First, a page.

And I did kick some butt up a few hills. “Was the Lake Washington ride like this?” he asked at one point. “Like this, times twenty,” I noted, thinking that the Soos Creek Trail is really pretty flat. “Really?” he said. “That hilly, huh? This is a great work out!” I guess it’s all relative, but seriously, he climbs mountains so he can ski back down them. It’s hard to believe this seemed particularly tough. I have seen my thighs, up close and personal (to be fair, so has he) and they are NOT stronger than his. Again, it was the bike! The Raleigh rocks the Columbia’s world (it doesn’t even earn a capital “the”).
After riding the six miles to the end of the trail, we turned around and headed back, still just chugging along. The Nice Guy with the Killer Smile doesn’t talk much, and this is even more true when he’s biking. So we were just cruising… nice sunny day… wind in our hair (sort of)… and then suddenly a large brown dog darted out in front of me.
I stopped. There were two girls down the trail. “Is this your dog?” I called, already knowing the answer in my sinking heart. “No,” they called back. “He’s lost. We’re trying to find his owner.” I suggested they call animal control, as the dog was a: old, b: terrified, c: not friendly at all and d: clearly not doing well. Though it had tags, it wouldn’t let anyone within 10 feet of it. The girls said they didn’t know the number for animal control, and I as I pulled up next to them, I realized they were really young, perhaps 16. “Okay,” I said patiently, “I’ll call. Next time, just dial 911 and ask for animal control.”
But I am a moron. It was July 4th. There wasn’t anyone at animal control. There wasn’t going to be anyone at animal control. Oddly, the police didn’t feel that a stray dog warranted a cruiser. Nor did the sheriff. By this time, we had established from passers-by that the poor dog had been there for at least two days. And of course, it was July 4th. Every time someone set off a firework in the distance, the dog started up and ran around frantically.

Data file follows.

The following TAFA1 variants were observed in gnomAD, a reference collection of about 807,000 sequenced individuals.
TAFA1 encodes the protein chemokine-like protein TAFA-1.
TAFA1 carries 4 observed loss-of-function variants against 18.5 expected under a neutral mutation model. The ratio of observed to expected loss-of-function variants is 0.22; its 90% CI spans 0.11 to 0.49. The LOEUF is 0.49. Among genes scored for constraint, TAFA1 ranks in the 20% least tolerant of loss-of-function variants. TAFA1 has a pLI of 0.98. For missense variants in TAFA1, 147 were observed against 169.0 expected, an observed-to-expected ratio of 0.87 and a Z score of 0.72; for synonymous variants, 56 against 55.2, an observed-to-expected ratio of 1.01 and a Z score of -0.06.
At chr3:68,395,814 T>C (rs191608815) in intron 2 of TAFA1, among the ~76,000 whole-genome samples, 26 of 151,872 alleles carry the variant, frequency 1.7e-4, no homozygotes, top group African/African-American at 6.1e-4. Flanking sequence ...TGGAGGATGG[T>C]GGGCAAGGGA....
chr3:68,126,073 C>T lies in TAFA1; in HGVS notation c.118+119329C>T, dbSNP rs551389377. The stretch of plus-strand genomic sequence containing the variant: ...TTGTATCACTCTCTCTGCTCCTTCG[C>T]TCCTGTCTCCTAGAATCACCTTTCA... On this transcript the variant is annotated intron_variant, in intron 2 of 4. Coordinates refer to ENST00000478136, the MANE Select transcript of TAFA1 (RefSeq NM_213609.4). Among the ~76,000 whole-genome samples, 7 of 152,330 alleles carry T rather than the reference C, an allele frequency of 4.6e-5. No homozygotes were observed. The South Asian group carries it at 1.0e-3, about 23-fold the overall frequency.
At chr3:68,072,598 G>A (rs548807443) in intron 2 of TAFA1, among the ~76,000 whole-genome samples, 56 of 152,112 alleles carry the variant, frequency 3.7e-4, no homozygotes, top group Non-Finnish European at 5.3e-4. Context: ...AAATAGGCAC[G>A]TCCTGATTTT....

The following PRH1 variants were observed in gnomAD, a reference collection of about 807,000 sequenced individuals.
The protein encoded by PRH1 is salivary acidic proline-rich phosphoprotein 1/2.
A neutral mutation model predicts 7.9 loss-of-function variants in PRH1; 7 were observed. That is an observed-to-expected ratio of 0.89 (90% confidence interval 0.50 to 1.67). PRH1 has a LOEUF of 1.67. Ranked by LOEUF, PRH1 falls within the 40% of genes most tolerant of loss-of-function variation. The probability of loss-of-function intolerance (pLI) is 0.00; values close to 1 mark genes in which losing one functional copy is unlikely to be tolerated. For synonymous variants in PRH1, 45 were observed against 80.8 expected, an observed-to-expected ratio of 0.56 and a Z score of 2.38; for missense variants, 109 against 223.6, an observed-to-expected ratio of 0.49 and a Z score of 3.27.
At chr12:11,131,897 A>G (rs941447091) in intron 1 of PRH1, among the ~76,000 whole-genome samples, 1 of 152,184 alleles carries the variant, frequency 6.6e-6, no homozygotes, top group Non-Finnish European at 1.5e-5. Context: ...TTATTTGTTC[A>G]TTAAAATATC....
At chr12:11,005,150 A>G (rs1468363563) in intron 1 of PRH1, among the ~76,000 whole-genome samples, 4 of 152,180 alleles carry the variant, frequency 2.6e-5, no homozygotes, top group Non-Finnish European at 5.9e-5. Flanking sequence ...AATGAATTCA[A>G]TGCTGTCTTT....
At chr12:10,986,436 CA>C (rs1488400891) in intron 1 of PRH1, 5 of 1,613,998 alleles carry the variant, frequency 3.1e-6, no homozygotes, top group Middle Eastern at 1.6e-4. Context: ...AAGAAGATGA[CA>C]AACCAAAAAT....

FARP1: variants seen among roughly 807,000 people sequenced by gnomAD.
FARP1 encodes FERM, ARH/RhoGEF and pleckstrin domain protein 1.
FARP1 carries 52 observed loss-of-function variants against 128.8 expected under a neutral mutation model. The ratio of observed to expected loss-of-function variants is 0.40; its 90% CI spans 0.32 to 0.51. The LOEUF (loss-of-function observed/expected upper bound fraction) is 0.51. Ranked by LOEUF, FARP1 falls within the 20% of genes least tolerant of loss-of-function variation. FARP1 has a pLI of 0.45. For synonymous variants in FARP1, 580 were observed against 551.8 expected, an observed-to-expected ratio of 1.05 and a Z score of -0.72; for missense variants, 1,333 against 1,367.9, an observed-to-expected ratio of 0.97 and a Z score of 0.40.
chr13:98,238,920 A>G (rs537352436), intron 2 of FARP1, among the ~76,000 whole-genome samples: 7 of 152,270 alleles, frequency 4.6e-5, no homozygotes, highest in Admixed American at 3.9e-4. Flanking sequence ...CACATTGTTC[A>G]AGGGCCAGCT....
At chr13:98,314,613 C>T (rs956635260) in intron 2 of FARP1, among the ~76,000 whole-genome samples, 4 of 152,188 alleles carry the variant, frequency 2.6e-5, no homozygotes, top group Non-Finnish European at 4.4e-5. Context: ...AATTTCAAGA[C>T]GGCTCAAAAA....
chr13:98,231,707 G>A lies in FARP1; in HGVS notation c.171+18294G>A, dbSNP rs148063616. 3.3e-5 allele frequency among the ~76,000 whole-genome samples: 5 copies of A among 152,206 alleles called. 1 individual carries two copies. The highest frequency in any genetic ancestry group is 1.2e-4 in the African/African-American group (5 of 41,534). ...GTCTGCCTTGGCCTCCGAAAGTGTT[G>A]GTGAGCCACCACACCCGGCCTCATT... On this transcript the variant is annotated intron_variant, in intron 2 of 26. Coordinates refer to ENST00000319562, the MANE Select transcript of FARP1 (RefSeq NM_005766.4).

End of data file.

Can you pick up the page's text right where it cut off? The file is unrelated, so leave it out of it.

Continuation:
For many years, I owned a dog who was absolutely flat-out terrified of loud noises. We had to literally lock her up 24 hours a day for a week around the 4th, or she would have done the exact same thing this dog had clearly done. After much fruitless dialing, and nearly 45 minutes of standing around, I had to admit defeat. No one was going to come rescue the dog. The girls then had the very smart and practical idea of calling on mom and dad to drive over with a bowl and a bottle of water to leave for the dog. Given that we were three miles into the trail, this was something of an undertaking, but they were happy just to take any action that would help.
In the end, we had to go. I left a message with animal control, so hopefully someone went out later to look for the dog. Perhaps it went home after the fireworks. I guess, of all the places a frightened old dog could go to escape the fireworks, a bike trail in the middle of a nature reserve isn’t the worst possible spot. Still, riding away, there was a damper on our former enthusiasm. I found it hard to enjoy the rest of the ride.
I did make My Patient Companion take a photo of me actually riding The Raleigh, as I thought that might interest folks, and this was probably one of the few opportunities I’d have (especially given the crap bike he was riding and the likelihood that he’d want to ride it again anytime soon).
The rest of the night was lovely, actually, despite moments of concern for the dog. We had a great dinner, and The Man Who Actually Bakes Pies made a pie for dessert, which we ate when it was too hot, in bowls with vanilla ice cream. How patriotic is that? In the end, we sat on our balcony and watched the five or six fireworks shows near enough to see from our porch (ironically, the nearest one was the least visible, as it was perfectly positioned behind a neighbor’s giant maple tree).
So what happened to the old dog? I don’t know. I choose to believe, having done everything I could at the time, that it all turned out okay. Sometimes, that’s the only option we have.
Parting shot of the mountain, foolishly trying to crouch down behind a couple power-thingies. Stupid mountain. We can totally see you.